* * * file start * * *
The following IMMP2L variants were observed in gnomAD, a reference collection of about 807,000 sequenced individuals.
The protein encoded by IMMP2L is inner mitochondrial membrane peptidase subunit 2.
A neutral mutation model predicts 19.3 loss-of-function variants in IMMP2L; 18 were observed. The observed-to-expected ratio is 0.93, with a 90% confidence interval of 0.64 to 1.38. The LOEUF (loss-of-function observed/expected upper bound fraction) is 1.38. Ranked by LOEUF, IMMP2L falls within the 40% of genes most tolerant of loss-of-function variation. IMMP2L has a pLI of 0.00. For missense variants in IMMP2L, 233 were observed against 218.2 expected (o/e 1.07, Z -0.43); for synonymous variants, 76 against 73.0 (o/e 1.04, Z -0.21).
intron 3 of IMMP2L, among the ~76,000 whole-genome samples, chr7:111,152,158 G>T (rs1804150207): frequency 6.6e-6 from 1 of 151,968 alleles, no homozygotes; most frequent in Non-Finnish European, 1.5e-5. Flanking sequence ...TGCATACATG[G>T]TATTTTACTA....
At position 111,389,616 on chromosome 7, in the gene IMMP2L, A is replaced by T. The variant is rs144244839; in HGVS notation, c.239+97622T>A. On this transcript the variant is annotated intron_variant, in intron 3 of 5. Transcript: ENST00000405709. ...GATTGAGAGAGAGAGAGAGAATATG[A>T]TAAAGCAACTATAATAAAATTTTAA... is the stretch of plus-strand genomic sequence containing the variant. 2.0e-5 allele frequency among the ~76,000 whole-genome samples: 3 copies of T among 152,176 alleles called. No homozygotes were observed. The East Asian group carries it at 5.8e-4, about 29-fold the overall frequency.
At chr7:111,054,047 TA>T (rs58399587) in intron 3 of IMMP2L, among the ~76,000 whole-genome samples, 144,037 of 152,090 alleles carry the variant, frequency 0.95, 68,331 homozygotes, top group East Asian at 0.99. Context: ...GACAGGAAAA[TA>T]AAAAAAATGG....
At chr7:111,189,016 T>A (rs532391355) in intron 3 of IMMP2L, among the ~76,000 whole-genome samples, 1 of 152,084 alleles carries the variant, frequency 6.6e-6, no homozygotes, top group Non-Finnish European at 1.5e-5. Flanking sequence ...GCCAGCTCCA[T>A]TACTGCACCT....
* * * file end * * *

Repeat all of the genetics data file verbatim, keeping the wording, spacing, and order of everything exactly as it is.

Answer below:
The following IMMP2L variants were observed in gnomAD, a reference collection of about 807,000 sequenced individuals.
The protein encoded by IMMP2L is inner mitochondrial membrane peptidase subunit 2.
A neutral mutation model predicts 19.3 loss-of-function variants in IMMP2L; 18 were observed. The observed-to-expected ratio is 0.93, with a 90% confidence interval of 0.64 to 1.38. The LOEUF (loss-of-function observed/expected upper bound fraction) is 1.38. Ranked by LOEUF, IMMP2L falls within the 40% of genes most tolerant of loss-of-function variation. IMMP2L has a pLI of 0.00. For missense variants in IMMP2L, 233 were observed against 218.2 expected (o/e 1.07, Z -0.43); for synonymous variants, 76 against 73.0 (o/e 1.04, Z -0.21).
intron 3 of IMMP2L, among the ~76,000 whole-genome samples, chr7:111,152,158 G>T (rs1804150207): frequency 6.6e-6 from 1 of 151,968 alleles, no homozygotes; most frequent in Non-Finnish European, 1.5e-5. Flanking sequence ...TGCATACATG[G>T]TATTTTACTA....
At position 111,389,616 on chromosome 7, in the gene IMMP2L, A is replaced by T. The variant is rs144244839; in HGVS notation, c.239+97622T>A. On this transcript the variant is annotated intron_variant, in intron 3 of 5. Transcript: ENST00000405709. ...GATTGAGAGAGAGAGAGAGAATATG[A>T]TAAAGCAACTATAATAAAATTTTAA... is the stretch of plus-strand genomic sequence containing the variant. 2.0e-5 allele frequency among the ~76,000 whole-genome samples: 3 copies of T among 152,176 alleles called. No homozygotes were observed. The East Asian group carries it at 5.8e-4, about 29-fold the overall frequency.
At chr7:111,054,047 TA>T (rs58399587) in intron 3 of IMMP2L, among the ~76,000 whole-genome samples, 144,037 of 152,090 alleles carry the variant, frequency 0.95, 68,331 homozygotes, top group East Asian at 0.99. Context: ...GACAGGAAAA[TA>T]AAAAAAATGG....
At chr7:111,189,016 T>A (rs532391355) in intron 3 of IMMP2L, among the ~76,000 whole-genome samples, 1 of 152,084 alleles carries the variant, frequency 6.6e-6, no homozygotes, top group Non-Finnish European at 1.5e-5. Flanking sequence ...GCCAGCTCCA[T>A]TACTGCACCT....